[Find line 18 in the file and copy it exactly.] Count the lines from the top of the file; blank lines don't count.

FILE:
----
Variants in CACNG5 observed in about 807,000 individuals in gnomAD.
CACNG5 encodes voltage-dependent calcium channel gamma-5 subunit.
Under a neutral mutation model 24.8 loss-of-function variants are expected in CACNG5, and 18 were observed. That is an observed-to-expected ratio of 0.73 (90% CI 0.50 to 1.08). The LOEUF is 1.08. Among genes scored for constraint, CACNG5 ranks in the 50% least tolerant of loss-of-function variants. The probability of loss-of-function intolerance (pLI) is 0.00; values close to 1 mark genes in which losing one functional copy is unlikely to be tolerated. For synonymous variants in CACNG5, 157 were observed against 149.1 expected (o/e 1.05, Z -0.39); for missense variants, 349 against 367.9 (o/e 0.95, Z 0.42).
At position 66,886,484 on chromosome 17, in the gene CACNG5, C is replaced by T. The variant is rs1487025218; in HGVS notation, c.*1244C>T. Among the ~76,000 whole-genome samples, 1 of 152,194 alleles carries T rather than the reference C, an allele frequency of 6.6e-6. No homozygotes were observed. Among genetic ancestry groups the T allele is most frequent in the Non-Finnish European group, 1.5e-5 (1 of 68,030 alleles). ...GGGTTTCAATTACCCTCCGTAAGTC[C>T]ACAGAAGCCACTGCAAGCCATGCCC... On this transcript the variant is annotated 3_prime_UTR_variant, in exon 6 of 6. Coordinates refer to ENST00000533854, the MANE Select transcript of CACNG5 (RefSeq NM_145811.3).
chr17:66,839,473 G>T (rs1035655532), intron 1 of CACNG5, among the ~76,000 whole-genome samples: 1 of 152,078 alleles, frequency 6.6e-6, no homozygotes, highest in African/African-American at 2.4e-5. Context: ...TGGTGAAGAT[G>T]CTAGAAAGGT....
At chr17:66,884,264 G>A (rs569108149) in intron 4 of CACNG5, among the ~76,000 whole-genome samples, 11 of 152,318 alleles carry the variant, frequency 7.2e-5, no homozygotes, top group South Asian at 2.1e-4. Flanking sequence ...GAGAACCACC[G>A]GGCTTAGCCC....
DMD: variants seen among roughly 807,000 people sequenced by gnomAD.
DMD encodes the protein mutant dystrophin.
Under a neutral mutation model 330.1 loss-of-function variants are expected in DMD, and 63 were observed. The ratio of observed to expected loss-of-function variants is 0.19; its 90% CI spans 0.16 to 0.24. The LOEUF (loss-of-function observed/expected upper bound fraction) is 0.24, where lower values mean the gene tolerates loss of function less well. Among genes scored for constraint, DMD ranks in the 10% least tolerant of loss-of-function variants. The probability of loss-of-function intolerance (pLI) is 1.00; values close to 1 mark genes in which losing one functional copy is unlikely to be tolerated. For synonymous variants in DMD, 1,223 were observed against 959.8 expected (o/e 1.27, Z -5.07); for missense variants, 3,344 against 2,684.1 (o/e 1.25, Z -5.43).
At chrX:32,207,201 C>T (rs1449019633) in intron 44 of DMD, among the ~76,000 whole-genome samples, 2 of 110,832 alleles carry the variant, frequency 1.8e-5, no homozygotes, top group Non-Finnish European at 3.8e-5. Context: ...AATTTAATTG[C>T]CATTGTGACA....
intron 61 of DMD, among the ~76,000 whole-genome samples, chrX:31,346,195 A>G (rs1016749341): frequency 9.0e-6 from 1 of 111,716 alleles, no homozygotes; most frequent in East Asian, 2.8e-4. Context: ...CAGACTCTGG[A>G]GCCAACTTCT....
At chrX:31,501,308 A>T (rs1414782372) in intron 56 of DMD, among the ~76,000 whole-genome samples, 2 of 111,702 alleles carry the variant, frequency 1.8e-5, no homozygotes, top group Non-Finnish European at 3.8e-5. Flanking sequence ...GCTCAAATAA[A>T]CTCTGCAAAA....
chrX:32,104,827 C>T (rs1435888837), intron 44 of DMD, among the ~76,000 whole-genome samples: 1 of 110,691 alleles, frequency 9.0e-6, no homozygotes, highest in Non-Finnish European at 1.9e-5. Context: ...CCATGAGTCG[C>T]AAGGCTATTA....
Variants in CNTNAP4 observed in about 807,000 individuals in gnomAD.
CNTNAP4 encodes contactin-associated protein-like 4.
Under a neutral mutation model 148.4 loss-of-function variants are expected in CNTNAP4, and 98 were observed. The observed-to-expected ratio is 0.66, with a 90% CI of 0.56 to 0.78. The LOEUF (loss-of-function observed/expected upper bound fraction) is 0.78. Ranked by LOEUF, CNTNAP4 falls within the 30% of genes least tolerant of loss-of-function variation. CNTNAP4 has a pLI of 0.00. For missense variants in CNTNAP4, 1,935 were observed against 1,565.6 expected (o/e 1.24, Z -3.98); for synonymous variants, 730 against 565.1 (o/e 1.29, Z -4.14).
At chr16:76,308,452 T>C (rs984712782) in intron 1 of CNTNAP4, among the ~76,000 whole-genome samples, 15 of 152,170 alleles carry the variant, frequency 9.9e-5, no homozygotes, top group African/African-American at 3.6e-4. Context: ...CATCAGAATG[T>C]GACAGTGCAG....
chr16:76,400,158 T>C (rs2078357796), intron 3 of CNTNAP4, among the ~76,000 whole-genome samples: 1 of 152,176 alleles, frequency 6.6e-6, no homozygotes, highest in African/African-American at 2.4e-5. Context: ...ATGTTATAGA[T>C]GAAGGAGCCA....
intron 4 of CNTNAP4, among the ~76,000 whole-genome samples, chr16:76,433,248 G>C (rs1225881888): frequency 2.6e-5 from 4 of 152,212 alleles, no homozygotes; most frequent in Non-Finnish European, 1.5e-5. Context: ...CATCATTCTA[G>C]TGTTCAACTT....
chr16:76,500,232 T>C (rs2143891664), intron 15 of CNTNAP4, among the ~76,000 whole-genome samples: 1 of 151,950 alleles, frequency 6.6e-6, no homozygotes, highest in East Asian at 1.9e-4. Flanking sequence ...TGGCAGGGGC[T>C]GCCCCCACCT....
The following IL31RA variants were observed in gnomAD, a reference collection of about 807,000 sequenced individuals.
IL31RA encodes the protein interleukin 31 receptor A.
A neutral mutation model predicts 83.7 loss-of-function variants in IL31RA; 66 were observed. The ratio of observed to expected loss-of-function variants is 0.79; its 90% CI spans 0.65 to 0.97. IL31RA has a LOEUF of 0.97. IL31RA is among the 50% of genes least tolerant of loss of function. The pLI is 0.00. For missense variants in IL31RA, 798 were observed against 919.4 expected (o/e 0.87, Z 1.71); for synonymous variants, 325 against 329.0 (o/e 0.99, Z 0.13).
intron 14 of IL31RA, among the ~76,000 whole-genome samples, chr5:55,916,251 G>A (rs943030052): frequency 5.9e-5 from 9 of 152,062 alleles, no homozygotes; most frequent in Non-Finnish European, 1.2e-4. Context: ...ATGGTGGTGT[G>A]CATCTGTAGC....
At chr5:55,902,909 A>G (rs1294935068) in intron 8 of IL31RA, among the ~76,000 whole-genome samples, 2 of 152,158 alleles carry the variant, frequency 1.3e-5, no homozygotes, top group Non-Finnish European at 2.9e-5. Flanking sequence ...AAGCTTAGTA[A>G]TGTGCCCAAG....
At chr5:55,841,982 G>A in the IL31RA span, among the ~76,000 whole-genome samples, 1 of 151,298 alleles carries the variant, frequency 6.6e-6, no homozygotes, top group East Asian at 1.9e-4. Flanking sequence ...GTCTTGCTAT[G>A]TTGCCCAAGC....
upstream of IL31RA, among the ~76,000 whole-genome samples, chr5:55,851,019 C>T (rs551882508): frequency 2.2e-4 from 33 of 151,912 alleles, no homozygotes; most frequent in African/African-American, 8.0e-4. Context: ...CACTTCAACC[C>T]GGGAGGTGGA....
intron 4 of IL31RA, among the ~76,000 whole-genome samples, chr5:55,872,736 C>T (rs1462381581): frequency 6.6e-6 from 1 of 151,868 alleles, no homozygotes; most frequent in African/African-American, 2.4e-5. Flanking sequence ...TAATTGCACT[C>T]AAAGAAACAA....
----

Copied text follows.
chr16:76,400,158 T>C (rs2078357796), intron 3 of CNTNAP4, among the ~76,000 whole-genome samples: 1 of 152,176 alleles, frequency 6.6e-6, no homozygotes, highest in African/African-American at 2.4e-5. Context: ...ATGTTATAGA[T>C]GAAGGAGCCA....